When social-emotional wellbeing programs are well-implemented, positive changes in students' mental health and self-regulatory social-emotional capabilities can eventuate. However, a problematic area of program implementation is sustainability once the supports and resources of the 'start-up' phases of new initiatives fade away. It is increasingly recognised that quality assurance procedures are necessary during the delivery of new programs. However, it appears that procedures for quality assurance of the sustainability components of programs have been relatively neglected. In this paper we investigate whether and why the KidsMatter Primary Mental Health Promotion initiative in Australia was sustained in schools one year after completion of the pilot phase. Thematic analysis indicated a range of facilitators and barriers to sustainability, and that many, but not all, schools continued to identify themselves as 'KidsMatter' schools. We propose a framework to guide a continuous cycle of quality assurance processes, with a specific focus on assuring program sustainability. We argue that more practical and conceptual work needs to be undertaken to develop tools and processes for explicit quality assurance of the sustainability components of mental health promotion and social-emotional wellbeing initiatives in educational settings.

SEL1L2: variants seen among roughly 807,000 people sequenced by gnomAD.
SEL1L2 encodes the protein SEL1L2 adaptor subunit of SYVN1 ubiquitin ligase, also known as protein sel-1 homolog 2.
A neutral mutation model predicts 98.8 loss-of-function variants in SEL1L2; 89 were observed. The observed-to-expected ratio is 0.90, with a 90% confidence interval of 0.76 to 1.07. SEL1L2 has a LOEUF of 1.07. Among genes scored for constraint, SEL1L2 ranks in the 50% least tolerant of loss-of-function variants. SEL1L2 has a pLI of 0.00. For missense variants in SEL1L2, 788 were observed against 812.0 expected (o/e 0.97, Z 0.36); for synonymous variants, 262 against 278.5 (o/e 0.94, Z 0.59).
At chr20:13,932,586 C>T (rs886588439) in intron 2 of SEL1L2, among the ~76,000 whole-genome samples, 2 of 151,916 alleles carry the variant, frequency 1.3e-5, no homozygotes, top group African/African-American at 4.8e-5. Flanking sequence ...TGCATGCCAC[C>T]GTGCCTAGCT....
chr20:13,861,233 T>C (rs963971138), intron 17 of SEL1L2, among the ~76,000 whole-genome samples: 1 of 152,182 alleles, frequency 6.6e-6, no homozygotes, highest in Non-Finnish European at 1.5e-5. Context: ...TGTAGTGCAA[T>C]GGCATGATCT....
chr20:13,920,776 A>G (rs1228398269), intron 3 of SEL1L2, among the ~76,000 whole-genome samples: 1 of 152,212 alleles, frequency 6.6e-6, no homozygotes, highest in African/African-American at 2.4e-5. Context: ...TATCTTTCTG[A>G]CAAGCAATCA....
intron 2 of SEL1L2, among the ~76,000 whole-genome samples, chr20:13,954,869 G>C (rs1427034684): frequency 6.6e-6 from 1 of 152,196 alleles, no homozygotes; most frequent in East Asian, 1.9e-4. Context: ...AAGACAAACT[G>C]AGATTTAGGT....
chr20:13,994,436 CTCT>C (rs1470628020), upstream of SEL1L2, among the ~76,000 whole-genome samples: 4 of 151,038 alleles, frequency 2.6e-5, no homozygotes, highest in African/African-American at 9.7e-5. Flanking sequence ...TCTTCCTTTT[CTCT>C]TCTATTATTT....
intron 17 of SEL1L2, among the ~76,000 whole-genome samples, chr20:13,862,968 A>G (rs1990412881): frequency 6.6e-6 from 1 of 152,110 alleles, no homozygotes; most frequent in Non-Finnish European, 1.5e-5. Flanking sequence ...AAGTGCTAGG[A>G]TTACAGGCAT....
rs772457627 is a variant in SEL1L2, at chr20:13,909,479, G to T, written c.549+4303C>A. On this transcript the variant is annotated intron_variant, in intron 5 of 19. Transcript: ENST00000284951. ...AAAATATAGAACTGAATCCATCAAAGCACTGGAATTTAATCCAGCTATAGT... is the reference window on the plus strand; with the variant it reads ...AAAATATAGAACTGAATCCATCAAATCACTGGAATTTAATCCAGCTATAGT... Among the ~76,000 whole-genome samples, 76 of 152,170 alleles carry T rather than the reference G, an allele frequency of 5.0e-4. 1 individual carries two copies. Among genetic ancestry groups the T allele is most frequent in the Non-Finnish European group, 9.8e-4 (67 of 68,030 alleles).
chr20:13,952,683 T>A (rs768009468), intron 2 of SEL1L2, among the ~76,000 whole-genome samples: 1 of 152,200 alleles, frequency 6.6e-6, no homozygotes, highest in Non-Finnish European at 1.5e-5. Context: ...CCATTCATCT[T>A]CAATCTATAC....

|Number of pages||9|
|Journal||The Psychology of Education Review|
|Publication status||Published - 2013|